Before I Let Go, a review by Kristin

posted in: 5 star read, Kristin | 0

Before I Let Go
Kennedy Ryan

November 15, 2022
402 pages

Genre: Contemporary Romance, Marriage & Divorce

Find It On: Amazon | Goodreads |

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“Grief is a grind. It is the work of breathing and waking and rising and moving through a world that feels emptier. A gaping hole has been torn into your existence, and everyone around you just walks right past it like it’s not even there.”

This is one of the most beautiful, raw, sad, emotional, and real books that I have ever read. This is another booksta made me read it and it didn’t disappoint. Yasmen and Josiah were couple goals until they weren’t. They experienced devastation after devastation and their marriage couldn’t handle it. Yasmen fell apart. But after some time, her and Josiah found a way to co-exist as parents and business partners. But there’s glances, and a kiss. It leads to more kisses, and more intimacy. But as they continue this path, old wounds are opened. Is it too late for them to find their way back to each other?

This book left me speechless. I hurt, I cried, I smiled all while I was reading this book. It really was so raw and real. Ryan has a way with words that provoke emotion out of the reader. It was heartbreaking and breathtaking.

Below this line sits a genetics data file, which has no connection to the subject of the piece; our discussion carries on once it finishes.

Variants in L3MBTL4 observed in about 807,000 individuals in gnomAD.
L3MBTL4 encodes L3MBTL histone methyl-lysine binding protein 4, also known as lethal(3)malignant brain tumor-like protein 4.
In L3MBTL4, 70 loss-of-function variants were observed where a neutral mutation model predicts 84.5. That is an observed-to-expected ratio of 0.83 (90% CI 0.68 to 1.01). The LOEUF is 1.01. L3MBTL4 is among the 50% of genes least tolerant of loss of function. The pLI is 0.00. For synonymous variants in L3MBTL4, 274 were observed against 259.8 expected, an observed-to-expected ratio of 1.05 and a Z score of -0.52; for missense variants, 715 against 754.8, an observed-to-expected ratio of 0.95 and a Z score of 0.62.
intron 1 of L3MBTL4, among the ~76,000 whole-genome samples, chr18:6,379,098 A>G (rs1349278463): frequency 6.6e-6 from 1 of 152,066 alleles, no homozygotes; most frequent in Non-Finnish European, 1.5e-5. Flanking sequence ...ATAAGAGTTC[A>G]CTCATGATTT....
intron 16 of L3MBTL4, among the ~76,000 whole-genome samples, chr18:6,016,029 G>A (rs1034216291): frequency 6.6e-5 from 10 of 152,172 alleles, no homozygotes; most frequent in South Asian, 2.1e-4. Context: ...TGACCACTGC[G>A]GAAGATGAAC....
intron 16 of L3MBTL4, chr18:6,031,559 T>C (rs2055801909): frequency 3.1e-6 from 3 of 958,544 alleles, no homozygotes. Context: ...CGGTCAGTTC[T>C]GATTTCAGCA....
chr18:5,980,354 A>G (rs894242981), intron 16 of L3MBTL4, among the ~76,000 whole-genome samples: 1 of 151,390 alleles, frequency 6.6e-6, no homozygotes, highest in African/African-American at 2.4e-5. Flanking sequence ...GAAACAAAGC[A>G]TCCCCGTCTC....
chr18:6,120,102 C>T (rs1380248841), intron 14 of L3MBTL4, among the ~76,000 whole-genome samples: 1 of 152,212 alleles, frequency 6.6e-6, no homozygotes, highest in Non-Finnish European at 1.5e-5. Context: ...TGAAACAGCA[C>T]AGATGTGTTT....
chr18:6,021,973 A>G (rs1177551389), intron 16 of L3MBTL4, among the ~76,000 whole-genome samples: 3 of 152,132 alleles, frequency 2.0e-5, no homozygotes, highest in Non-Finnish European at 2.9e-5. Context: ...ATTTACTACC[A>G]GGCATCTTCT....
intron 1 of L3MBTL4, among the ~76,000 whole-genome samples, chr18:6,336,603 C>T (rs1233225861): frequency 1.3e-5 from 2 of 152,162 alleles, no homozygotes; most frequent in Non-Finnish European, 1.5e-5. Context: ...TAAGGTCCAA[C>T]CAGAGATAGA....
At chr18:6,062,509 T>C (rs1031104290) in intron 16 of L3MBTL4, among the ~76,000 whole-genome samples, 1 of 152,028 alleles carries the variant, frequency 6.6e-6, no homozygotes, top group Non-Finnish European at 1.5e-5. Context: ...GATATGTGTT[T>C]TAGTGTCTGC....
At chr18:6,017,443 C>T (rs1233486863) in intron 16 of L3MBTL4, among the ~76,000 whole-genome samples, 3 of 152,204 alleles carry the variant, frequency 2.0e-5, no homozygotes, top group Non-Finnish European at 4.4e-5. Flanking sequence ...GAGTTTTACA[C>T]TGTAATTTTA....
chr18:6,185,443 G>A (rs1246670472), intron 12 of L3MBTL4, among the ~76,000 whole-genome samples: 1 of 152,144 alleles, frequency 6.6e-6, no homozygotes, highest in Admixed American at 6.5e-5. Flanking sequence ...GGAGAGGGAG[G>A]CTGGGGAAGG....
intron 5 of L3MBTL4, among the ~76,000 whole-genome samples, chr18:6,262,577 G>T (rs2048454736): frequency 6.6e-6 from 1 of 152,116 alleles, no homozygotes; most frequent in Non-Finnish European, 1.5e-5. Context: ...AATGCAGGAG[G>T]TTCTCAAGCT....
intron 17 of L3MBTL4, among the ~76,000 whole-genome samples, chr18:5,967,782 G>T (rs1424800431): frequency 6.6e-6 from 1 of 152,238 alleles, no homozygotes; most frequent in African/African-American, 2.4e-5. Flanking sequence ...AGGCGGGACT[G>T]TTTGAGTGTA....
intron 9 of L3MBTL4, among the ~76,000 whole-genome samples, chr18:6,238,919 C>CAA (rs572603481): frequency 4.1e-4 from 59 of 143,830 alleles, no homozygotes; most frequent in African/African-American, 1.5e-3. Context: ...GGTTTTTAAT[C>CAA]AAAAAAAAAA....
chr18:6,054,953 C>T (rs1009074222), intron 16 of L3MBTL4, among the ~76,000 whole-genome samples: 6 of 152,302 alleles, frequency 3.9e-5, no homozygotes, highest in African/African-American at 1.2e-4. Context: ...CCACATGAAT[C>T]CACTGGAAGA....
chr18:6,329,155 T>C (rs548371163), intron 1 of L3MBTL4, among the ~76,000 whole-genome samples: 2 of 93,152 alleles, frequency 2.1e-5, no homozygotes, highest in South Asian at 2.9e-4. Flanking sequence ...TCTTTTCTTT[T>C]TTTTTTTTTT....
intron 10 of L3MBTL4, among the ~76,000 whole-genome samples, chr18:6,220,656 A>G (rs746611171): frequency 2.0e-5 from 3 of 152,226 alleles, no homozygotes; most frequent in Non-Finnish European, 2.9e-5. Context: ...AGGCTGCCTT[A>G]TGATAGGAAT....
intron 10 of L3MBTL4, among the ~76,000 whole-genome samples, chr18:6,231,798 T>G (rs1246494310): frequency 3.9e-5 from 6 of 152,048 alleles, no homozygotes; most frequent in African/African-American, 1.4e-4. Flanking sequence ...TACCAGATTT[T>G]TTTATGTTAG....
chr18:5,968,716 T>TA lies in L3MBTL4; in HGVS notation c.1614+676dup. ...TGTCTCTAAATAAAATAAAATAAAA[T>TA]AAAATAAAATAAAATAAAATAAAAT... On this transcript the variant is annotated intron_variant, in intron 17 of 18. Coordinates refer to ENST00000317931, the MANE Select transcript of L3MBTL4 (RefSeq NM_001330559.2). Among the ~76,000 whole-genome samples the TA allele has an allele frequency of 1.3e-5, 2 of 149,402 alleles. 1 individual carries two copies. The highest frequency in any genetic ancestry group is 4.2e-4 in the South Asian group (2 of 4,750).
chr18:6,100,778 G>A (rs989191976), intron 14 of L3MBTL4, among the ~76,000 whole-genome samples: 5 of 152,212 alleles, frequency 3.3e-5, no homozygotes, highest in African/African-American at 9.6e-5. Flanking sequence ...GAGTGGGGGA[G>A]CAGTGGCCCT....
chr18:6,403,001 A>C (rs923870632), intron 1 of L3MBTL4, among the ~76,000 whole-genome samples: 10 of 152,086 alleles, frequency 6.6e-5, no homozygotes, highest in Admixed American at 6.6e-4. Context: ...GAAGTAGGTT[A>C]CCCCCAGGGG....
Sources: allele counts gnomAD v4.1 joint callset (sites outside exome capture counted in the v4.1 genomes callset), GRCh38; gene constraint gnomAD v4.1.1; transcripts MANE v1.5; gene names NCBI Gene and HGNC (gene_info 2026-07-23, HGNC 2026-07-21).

I loved how Ryan showed that there are multiple ways to deal with grief, neither were right or wrong, but they were true to the character. For some, grief is debilitating. For others, they do best when they trudge forward. Equally as important, Ryan showed us what happens when we don’t deal with our grief. How going forward, our lives can seem lost to us. So she included a lot of therapy talk and how it is used to help heal. It was so beautiful. Especially because Josiah was against it, and then he went and saw the benefits. We know so many that are against therapy and think it’s hogwash.

I genuinely felt the connection between Yasmen and Josiah. It was a connection I’ve never felt between characters before.

There are some trigger warnings that come with this book: stillbirth and miscarriage. However, Ryan handles these with such grace.

I could go on and on, but I’ll stop gushing. I really highly recommend this book for anyone that can handle those triggers. I can’t wait to read more by Ryan.

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